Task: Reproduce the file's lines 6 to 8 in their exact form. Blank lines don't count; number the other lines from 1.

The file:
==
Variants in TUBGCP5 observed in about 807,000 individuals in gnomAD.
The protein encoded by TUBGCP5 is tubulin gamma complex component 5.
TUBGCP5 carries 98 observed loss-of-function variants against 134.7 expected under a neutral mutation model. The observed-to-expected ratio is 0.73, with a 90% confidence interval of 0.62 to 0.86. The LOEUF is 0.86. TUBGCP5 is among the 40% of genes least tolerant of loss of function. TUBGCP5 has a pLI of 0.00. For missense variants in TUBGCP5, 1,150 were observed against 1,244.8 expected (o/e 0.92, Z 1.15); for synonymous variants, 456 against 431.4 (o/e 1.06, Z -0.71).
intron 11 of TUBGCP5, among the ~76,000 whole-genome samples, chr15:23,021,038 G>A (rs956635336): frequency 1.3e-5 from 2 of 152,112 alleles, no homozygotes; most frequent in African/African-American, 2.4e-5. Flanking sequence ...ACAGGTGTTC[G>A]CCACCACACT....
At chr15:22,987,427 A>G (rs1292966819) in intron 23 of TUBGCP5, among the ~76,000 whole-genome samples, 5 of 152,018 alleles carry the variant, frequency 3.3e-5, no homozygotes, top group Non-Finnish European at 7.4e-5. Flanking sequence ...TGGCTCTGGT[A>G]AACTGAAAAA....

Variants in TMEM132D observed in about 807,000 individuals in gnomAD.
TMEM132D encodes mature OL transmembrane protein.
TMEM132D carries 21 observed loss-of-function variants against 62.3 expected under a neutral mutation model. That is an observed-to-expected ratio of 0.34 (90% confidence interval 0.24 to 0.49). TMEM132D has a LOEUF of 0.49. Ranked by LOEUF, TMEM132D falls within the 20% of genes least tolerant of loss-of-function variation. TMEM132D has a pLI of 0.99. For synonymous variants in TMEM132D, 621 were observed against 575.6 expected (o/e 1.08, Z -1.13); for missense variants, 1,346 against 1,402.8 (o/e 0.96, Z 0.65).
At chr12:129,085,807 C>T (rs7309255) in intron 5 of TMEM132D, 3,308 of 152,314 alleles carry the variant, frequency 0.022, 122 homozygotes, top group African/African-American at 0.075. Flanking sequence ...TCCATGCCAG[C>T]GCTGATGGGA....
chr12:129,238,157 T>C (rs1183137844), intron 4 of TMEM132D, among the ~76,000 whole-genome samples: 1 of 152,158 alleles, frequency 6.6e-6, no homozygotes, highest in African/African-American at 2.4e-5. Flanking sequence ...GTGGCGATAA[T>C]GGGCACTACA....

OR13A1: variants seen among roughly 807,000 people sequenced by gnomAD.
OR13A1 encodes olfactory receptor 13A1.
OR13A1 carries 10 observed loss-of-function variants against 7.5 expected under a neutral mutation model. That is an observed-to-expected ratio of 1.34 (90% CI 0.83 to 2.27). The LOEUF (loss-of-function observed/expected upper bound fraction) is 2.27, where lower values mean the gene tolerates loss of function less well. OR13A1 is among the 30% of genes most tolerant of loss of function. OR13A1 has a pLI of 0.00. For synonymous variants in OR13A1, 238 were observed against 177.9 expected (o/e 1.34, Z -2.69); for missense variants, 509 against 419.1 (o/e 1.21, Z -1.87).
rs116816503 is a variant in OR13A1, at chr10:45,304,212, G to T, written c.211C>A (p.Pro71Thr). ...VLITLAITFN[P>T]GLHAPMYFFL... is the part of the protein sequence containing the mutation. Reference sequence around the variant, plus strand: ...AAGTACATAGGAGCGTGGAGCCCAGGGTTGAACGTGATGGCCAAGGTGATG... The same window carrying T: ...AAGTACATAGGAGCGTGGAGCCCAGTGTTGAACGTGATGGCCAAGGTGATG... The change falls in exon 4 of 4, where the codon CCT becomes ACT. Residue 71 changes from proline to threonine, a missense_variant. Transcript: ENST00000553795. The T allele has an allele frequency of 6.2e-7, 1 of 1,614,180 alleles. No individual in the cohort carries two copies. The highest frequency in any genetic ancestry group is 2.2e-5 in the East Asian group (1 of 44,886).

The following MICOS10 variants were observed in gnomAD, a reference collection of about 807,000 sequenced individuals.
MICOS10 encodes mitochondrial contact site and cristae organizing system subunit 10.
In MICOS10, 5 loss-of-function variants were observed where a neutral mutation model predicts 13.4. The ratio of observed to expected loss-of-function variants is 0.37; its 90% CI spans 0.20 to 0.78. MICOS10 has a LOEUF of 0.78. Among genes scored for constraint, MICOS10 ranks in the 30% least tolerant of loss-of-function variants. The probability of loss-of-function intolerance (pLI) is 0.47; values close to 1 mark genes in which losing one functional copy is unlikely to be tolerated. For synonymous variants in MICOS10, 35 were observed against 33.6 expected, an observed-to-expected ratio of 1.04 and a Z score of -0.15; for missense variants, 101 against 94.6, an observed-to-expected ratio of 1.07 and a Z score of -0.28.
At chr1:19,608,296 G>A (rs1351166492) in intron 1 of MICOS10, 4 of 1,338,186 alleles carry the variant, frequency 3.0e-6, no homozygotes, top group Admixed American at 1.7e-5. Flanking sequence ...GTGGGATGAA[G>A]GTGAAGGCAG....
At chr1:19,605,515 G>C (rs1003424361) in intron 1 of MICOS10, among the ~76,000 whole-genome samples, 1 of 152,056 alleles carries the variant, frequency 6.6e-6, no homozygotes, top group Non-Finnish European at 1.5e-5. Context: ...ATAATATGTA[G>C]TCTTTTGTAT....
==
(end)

Variants in TMEM132D observed in about 807,000 individuals in gnomAD.
TMEM132D encodes mature OL transmembrane protein.
TMEM132D carries 21 observed loss-of-function variants against 62.3 expected under a neutral mutation model. That is an observed-to-expected ratio of 0.34 (90% confidence interval 0.24 to 0.49). TMEM132D has a LOEUF of 0.49. Ranked by LOEUF, TMEM132D falls within the 20% of genes least tolerant of loss-of-function variation. TMEM132D has a pLI of 0.99. For synonymous variants in TMEM132D, 621 were observed against 575.6 expected (o/e 1.08, Z -1.13); for missense variants, 1,346 against 1,402.8 (o/e 0.96, Z 0.65).